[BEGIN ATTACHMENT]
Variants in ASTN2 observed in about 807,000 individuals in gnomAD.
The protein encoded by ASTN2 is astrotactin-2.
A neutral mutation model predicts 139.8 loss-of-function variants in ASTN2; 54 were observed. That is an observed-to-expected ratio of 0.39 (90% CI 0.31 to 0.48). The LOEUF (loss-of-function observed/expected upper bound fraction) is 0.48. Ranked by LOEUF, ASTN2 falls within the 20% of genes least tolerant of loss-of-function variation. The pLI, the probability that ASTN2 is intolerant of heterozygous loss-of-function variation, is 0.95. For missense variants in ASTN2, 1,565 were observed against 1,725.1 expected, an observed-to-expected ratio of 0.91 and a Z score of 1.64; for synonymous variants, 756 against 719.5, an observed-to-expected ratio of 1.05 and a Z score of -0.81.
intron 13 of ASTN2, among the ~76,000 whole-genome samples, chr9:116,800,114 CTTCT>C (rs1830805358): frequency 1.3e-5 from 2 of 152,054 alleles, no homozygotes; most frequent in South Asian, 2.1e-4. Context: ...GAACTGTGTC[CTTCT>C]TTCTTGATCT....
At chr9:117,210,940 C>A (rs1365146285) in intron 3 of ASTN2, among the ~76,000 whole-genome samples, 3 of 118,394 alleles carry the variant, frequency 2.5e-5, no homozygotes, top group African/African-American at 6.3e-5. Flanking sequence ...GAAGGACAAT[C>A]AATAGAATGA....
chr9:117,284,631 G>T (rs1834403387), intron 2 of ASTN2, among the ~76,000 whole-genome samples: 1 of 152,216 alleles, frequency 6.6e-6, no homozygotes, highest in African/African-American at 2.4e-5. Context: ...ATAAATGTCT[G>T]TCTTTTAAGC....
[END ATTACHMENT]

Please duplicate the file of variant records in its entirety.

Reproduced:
Variants in ASTN2 observed in about 807,000 individuals in gnomAD.
The protein encoded by ASTN2 is astrotactin-2.
A neutral mutation model predicts 139.8 loss-of-function variants in ASTN2; 54 were observed. That is an observed-to-expected ratio of 0.39 (90% CI 0.31 to 0.48). The LOEUF (loss-of-function observed/expected upper bound fraction) is 0.48. Ranked by LOEUF, ASTN2 falls within the 20% of genes least tolerant of loss-of-function variation. The pLI, the probability that ASTN2 is intolerant of heterozygous loss-of-function variation, is 0.95. For missense variants in ASTN2, 1,565 were observed against 1,725.1 expected, an observed-to-expected ratio of 0.91 and a Z score of 1.64; for synonymous variants, 756 against 719.5, an observed-to-expected ratio of 1.05 and a Z score of -0.81.
intron 13 of ASTN2, among the ~76,000 whole-genome samples, chr9:116,800,114 CTTCT>C (rs1830805358): frequency 1.3e-5 from 2 of 152,054 alleles, no homozygotes; most frequent in South Asian, 2.1e-4. Context: ...GAACTGTGTC[CTTCT>C]TTCTTGATCT....
At chr9:117,210,940 C>A (rs1365146285) in intron 3 of ASTN2, among the ~76,000 whole-genome samples, 3 of 118,394 alleles carry the variant, frequency 2.5e-5, no homozygotes, top group African/African-American at 6.3e-5. Flanking sequence ...GAAGGACAAT[C>A]AATAGAATGA....
chr9:117,284,631 G>T (rs1834403387), intron 2 of ASTN2, among the ~76,000 whole-genome samples: 1 of 152,216 alleles, frequency 6.6e-6, no homozygotes, highest in African/African-American at 2.4e-5. Context: ...ATAAATGTCT[G>T]TCTTTTAAGC....